Album Digest, August 2013
For reasons that will become apparent, there will be a short period soon where I will not be writing album digests. Until then, I’m clearing a backlog of some albums that I’ve been listening to but haven’t had enough time or motivation to write about. Only one of this month’s albums was released this month, something that’s not that uncommon at this time of the year as it is not the best time to release things. Here’s the list:
- Washed Out “Paracosm”
- Bonobo “The North Borders”
- Atoms For Peace “AMOK”
Washed Out “Paracosm”
I wanted to like this so much more. I am certainly very happy with it, but after a while I had to work out why I was hardly bothering to listen to it. I’ve decided that I don’t think it is better (as a whole) than his first album “Within and Without”. It starts really well: the opening swirls of ambient noise and a big knowing wink of a harp sample lead into the wonderful single “It All Feels Right”. At this point it feels like the smooch-fest of “Within and Without” has, with a red face and sweaty sex hair, made it back to the party with the aim of sipping mojitos in the garden. It’s really pretty and fun and good natured: for me “It All Feels Right” has been one of the songs of the summer.
This momentum gets backed up by another great song “Don’t Give Up”: it’s all sweet vocals and interesting low end before a pretty strong chorus kicks in (for a Washed Out record). After that song though, the album becomes a bit anonymous and the samples of party noise that are woven between the songs, which must have sounded like a good idea at the time, just come across as a bit annoying.
The problem with a record about having a good time is that it has to make you feel like you are having a good time too, or you’re not really going to like it or remember it. “Within and Without” was great because even thought it was as if two people were getting their freak on in the room with you, it at least felt like a threesome: most of “Paracosm” feels more like gatecrashing a couple’s date and having to listen to them tell anecdotes about a holiday they went on which was way better than yours. By the end of “Weightless” (the third proper song!) you start to wonder if they even need you there at all…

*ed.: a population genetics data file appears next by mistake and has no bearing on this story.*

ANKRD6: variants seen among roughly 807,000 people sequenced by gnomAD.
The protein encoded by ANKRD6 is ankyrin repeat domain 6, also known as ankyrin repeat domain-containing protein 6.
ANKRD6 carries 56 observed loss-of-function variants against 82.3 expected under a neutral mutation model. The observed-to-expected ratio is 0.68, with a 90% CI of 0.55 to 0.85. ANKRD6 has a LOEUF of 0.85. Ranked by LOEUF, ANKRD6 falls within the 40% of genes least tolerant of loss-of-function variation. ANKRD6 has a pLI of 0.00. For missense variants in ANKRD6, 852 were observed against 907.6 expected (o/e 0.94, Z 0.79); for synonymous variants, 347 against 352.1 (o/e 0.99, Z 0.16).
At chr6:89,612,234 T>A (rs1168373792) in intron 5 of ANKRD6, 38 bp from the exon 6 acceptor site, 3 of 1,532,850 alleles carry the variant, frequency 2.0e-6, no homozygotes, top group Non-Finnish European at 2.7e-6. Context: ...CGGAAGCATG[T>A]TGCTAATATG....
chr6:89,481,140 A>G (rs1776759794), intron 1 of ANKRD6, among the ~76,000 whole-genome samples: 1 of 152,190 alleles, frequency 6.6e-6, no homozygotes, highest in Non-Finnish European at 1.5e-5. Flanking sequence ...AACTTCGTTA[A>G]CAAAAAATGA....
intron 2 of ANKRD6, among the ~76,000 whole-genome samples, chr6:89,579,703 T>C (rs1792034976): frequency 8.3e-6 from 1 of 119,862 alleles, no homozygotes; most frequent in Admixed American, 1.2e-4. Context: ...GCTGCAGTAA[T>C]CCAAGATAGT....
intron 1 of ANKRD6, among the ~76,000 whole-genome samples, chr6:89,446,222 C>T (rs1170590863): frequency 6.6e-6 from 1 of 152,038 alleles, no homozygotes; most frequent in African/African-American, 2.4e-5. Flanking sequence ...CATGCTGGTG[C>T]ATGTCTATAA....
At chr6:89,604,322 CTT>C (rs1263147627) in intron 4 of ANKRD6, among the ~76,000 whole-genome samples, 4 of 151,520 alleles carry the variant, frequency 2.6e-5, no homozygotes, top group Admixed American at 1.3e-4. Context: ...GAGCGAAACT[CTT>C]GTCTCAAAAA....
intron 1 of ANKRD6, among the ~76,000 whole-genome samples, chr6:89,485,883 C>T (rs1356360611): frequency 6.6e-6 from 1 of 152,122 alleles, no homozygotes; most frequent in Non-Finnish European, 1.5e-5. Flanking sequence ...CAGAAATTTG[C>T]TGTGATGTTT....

It’s not a complete wash out though (see what I did there?!?!?): “All I Know” turns the dial labelled “pop mode” all the way to the right and is pretty fun (check out the amazing instrumental middle 8!), and “Falling Back” is pretty sweet: the backing has a cool twitchiness to it, although I’m still in two minds about the hipster-ish clapping and party whoops at the end. It also has an absolutely beautiful coda that makes up for that, it’s all swooning twinkles that make you think that the last track has already started.
The closing track “All Over Now” leads out of that wonderful coda to “All I Know” and doesn’t squander it, instead playing out the album with the track that’s probably closest to “Within and Without” in spirit. I feel a bit bad about feeling good about how the new album finishes sounding closer to the first one, it doesn’t feel like I am being an open minded music fan to be pleased by a retrograde step like that. Nevertheless, “Paracosm” is a mixed bag and, to my ears, a little bit of a backward step. However, the (very) good bits are good enough make me think that it will be worth checking out whatever he might do next.
Bonobo “The North Borders”
This album is great. It is the first album that I have come across by Bonobo. Apparently his previous album “Black Sands” is even better; I have listened to it a couple of times but not enough to make a decent comparison. “The North Borders” was released a while ago but for some reason it did not appear on Spotify. I think a couple of singles were released to Spotify, which is why I knew the album was worth chasing. Either that or I’d heard a few samples on iTunes. This month I finally managed to get a listen to it on Spotify and slowly fell in love with it. It’s an album as suited to the bleary-eyed walk to work as it is to meandering through some debugging as it is to switching off the light and drifting away.